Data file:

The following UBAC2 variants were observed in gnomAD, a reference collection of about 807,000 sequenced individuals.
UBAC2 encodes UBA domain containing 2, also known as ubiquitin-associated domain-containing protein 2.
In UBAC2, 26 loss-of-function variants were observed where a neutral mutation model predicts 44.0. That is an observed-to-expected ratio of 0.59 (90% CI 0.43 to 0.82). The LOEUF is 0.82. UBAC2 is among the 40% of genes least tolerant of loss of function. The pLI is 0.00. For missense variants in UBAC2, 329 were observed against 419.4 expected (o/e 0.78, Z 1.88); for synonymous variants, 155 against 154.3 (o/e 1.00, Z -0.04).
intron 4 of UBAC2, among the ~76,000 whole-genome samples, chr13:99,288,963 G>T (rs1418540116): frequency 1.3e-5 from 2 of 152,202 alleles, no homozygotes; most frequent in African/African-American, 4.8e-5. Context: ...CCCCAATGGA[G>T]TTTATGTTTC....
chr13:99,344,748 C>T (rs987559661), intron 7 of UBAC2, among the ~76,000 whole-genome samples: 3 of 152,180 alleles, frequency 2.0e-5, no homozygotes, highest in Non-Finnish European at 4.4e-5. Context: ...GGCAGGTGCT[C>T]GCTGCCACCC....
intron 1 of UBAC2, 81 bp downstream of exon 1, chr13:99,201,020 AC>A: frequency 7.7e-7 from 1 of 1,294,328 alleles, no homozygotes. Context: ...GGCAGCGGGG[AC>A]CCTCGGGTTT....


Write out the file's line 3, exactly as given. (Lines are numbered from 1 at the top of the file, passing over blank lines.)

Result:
In UBAC2, 26 loss-of-function variants were observed where a neutral mutation model predicts 44.0. That is an observed-to-expected ratio of 0.59 (90% CI 0.43 to 0.82). The LOEUF is 0.82. UBAC2 is among the 40% of genes least tolerant of loss of function. The pLI is 0.00. For missense variants in UBAC2, 329 were observed against 419.4 expected (o/e 0.78, Z 1.88); for synonymous variants, 155 against 154.3 (o/e 1.00, Z -0.04).